Imagine a world where an app uses the weather forecast to plan your journey to work. Where your office does not just use energy, but generates it. Where your electric car is part of the city’s power grid, and where your house knows what time you will be home.

Our infrastructure is not built for us. It is functional in the same way that any car will get you from A to B. But it is not personal. As we would select a car based on our individual preferences, so too will our city infrastructure be moulded to our needs.

Personalised cities

By 2050, more than two-thirds of us will be living in urban areas. By 2030, more than $50 trillion will need to be invested in city infrastructure globally to keep pace with GDP and population growth. The Middle East is not immune: populations are expanding rapidly and the resulting challenge for energy, transport, housing and the environment must be met with intelligent solutions.

Increasingly, our cities are producing data; we are surrounded by millions of sensors, generating massive volumes of information. Harnessing this information to assess our environment and reacting in real time is the next generation of digitalised infrastructure. Our future cities will run on operating systems. Connected and integrated transportation, power grids, buildings and peripheral technologies such as e-cars will all contribute data to cloud-based systems for analysis, increasingly personalising our infrastructure.

We are taking lessons from industry to enhance city infrastructures. In industrial applications, we are already using MindSphere, our open, cloud-based operating system for the Internet of Things (IoT), to connect assets and devices. It analyses data, improving efficiency, cost-savings and time to market, creating competitive advantage. This IoT technology has great potential outside industry. Siemens will use MindSphere as part of our Premier Partnership for Intelligent Infrastructure & Operations for Expo 2020 Dubai, digitalising the 200-hectare site by optimising energy and building management.

Future cities will run on operating  systems

Future cities will run on operating systems

Future cities will run on operating systems

Growing cities bring obvious transportation infrastructure challenges. The resulting congestion is not just inconvenient, it is expensive. The EU estimates that urban congestion leads to about E100bn ($106.9bn) a year in direct and indirect costs.

The digital integration of transport is crucial to solving today’s mobility challenges with multi-modal planning. A modern city, with mature transport infrastructure including metros, trams, taxis, buses, cars, Uber-style services and many kilometres of cycle lanes, has a combination of options available to residents and tourists, but finding the fastest or most cost-effective is not always simple.

Imagine that an app could plan your entire journey for you, from door-to-door, taking into account your personal preferences. As you travel, it uses real-time data, suggesting the metro instead of a taxi if traffic starts to build up, or altering your journey to avoid a walk in the heat, as well as booking and paying for your tickets. We already have the technology to make this a reality.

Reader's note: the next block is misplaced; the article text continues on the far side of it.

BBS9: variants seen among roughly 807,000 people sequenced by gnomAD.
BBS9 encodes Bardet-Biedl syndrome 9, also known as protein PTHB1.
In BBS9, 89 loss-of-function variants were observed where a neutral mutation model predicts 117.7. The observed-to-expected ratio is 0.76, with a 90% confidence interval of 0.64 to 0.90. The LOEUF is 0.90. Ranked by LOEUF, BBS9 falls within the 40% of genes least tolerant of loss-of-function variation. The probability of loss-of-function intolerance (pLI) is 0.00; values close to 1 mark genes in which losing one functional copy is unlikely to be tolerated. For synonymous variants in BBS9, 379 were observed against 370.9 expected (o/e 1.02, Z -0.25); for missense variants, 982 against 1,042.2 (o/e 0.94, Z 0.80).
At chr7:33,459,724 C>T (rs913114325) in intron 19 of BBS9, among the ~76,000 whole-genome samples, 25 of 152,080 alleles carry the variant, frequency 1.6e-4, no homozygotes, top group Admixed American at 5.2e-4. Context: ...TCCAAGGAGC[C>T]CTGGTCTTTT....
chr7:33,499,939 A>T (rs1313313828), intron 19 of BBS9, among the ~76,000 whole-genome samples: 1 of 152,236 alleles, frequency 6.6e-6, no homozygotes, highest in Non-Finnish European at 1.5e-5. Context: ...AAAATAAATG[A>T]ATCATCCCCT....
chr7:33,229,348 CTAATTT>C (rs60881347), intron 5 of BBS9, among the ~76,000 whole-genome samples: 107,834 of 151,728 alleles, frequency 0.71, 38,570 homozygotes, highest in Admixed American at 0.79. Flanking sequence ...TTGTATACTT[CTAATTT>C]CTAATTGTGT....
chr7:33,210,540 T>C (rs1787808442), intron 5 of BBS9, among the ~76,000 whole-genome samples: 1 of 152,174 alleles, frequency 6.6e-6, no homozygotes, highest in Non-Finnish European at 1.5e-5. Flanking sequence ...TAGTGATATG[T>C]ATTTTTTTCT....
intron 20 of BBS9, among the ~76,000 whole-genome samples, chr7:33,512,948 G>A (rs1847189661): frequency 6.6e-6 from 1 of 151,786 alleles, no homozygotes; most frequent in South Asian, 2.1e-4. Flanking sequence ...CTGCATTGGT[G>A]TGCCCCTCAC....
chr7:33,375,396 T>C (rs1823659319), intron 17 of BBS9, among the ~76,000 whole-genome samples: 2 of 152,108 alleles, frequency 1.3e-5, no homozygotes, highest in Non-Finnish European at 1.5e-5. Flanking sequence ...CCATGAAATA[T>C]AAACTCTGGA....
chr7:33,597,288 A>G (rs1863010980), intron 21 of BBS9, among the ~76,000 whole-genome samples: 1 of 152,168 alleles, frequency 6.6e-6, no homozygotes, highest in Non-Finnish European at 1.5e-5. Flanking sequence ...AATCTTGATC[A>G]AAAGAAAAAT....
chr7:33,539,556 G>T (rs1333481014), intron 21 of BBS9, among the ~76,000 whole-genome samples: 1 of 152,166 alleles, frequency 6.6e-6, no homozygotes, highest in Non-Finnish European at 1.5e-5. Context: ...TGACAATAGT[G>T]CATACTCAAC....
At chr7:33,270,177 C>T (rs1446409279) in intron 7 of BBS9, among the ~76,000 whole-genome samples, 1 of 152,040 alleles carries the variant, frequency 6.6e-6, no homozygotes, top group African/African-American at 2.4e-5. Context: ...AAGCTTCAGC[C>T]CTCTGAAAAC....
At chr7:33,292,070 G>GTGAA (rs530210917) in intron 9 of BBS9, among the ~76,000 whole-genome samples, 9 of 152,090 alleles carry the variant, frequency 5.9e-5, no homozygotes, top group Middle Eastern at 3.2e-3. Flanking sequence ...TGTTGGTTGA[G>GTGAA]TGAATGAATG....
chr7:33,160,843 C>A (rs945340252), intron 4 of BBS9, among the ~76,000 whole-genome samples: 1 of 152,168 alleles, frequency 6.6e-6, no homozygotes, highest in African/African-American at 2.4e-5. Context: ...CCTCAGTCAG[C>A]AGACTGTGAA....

Smart mobility

We can improve it further. Sharing data both inside and outside the operator’s organisation can create an intelligent traffic system that uses changing data on road conditions to alter signalling for improved flow. It can share data with drivers for better route-finding or help find vacant parking spaces – an activity that can account for 40 per cent of inner-city traffic. We are already developing technology that allows cars to talk to each other, passing along messages regarding road conditions, to interact with smart road signs and alert drivers of issues before they appear in view.

Digitalisation and the Internet of Things are redefining the role buildings play in our lives

Meanwhile, buildings consume more energy than industry or mobility – accounting for some 41 per cent of worldwide energy consumption – and are responsible for one-third of greenhouse gas emissions. Compensating for the CO2 emissions of a city such as London would require a forest the size of 470,000 football pitches. It is time our buildings played a bigger role in mitigating the environmental impact of our lifestyles.

Digitalisation and the IoT are redefining the role buildings play in our lives. Intelligent buildings use data, dynamically managing their systems to suit you and the environment. Changing levels of daylight can reposition window blinds and alter lighting, and cooling systems can be automatically adjusted to deal with changing capacity. Advanced building management systems can integrate the control system with the building’s schedule, ensuring unused rooms are on the lowest energy setting and adjusting the environment just before you arrive.

We know from installations of our own building management technologies that energy use in buildings can be reduced by 40 per cent. The significance of this in the Middle East is huge. We are proud that we have been responsible for equipping some of the most efficient and highly digitalised buildings in the region, including Abu Dhabi’s Sheikh Zayed Grand Mosque and Dubai’s 3D-printed Office of the Future.

Along with projects such as our own Leadership in Energy & Environmental Design platinum-certified regional headquarters in Abu Dhabi and the region’s most energy-efficient tram system in Doha, we have proved it is possible to build highly efficient, environmentally sustainable, digitalised city infrastructure in the Middle East.

The IoT is driving our infrastructure towards a holistic, resilient, data-driven web, personalised to us while mitigating environmental impact. There is some way to go, but we have the technology and we are already working on it.

Dietmar Siersdorfer is CEO of Siemens in the Middle East and UAE